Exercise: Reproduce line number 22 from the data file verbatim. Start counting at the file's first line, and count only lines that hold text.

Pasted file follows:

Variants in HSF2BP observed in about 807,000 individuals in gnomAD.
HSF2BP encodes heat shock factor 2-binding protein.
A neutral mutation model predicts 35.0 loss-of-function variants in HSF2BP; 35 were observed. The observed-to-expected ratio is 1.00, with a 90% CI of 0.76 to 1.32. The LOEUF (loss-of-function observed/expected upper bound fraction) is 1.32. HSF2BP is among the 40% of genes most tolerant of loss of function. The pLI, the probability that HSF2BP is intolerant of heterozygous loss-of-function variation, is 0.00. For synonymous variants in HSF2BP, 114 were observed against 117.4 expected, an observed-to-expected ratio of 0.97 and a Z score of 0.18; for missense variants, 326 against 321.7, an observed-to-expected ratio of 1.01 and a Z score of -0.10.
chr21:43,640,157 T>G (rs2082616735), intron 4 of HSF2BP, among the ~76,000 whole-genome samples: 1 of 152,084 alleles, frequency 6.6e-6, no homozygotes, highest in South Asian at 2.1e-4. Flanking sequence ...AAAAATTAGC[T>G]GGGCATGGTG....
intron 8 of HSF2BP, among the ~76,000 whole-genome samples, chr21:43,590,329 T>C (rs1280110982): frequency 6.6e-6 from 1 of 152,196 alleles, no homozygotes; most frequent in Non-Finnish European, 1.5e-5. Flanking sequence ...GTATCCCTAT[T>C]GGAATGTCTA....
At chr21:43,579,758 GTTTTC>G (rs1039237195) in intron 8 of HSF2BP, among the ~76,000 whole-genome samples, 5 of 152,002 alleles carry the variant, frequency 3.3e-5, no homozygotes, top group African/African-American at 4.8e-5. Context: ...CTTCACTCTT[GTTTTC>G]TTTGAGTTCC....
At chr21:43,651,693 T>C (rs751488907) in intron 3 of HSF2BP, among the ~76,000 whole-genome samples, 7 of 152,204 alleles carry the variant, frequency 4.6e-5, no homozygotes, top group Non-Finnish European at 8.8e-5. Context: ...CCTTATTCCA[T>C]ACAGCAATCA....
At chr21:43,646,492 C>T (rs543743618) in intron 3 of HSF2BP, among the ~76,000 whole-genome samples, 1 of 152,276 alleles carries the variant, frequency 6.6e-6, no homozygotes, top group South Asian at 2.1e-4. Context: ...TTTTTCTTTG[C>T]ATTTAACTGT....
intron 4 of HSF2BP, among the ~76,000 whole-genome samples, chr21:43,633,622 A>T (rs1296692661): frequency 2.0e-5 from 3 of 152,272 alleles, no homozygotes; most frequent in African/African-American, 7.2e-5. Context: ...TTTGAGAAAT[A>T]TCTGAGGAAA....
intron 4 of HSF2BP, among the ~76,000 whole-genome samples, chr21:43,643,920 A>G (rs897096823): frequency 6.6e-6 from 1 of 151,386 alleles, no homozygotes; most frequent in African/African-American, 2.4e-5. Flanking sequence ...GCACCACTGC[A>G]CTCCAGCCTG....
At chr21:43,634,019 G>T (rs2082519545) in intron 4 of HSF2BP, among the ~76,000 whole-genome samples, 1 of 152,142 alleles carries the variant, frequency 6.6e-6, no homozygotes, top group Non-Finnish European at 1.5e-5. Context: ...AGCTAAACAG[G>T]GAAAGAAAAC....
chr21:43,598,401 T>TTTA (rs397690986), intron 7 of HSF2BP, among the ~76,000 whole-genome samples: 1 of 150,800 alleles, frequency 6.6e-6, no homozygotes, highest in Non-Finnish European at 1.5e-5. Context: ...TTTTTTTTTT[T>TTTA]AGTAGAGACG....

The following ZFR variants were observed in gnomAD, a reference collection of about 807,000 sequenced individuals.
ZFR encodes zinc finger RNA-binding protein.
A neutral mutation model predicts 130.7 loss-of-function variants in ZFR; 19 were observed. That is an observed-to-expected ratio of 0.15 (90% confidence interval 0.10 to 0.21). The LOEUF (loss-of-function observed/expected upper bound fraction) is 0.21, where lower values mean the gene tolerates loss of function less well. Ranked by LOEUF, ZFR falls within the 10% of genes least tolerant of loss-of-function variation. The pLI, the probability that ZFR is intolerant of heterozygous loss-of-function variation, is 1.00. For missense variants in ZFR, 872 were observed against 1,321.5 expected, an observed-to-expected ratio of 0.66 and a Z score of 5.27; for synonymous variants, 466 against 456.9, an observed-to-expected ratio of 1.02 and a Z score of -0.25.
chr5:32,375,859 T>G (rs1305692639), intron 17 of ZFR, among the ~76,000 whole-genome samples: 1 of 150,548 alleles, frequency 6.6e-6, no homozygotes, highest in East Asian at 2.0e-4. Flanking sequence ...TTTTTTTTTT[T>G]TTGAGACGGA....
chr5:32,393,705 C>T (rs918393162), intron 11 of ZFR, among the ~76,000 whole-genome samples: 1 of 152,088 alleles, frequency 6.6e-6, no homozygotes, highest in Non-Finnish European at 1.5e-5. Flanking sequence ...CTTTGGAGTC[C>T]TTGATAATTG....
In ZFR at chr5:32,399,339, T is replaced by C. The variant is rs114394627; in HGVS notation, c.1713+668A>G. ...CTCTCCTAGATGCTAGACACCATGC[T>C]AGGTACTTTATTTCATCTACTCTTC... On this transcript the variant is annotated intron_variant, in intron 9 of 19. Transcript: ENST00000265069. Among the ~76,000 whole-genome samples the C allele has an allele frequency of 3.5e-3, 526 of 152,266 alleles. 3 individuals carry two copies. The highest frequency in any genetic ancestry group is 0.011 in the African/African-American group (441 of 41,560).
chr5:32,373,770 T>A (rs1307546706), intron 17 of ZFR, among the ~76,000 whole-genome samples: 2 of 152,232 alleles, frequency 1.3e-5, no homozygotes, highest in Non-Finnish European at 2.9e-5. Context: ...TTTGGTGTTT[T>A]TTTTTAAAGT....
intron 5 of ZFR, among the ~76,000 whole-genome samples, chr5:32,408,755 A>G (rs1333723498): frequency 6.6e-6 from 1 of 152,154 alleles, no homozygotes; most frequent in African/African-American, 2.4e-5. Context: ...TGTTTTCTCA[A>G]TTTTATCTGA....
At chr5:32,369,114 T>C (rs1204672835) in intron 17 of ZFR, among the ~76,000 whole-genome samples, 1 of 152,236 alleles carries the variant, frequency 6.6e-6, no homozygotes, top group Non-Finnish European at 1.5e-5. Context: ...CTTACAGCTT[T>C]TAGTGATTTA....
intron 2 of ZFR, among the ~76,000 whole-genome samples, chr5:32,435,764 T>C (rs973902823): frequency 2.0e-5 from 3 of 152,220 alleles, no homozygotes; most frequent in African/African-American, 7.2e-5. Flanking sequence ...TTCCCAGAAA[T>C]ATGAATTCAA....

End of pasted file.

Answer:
intron 2 of ZFR, among the ~76,000 whole-genome samples, chr5:32,435,764 T>C (rs973902823): frequency 2.0e-5 from 3 of 152,220 alleles, no homozygotes; most frequent in African/African-American, 7.2e-5. Flanking sequence ...TTCCCAGAAA[T>C]ATGAATTCAA....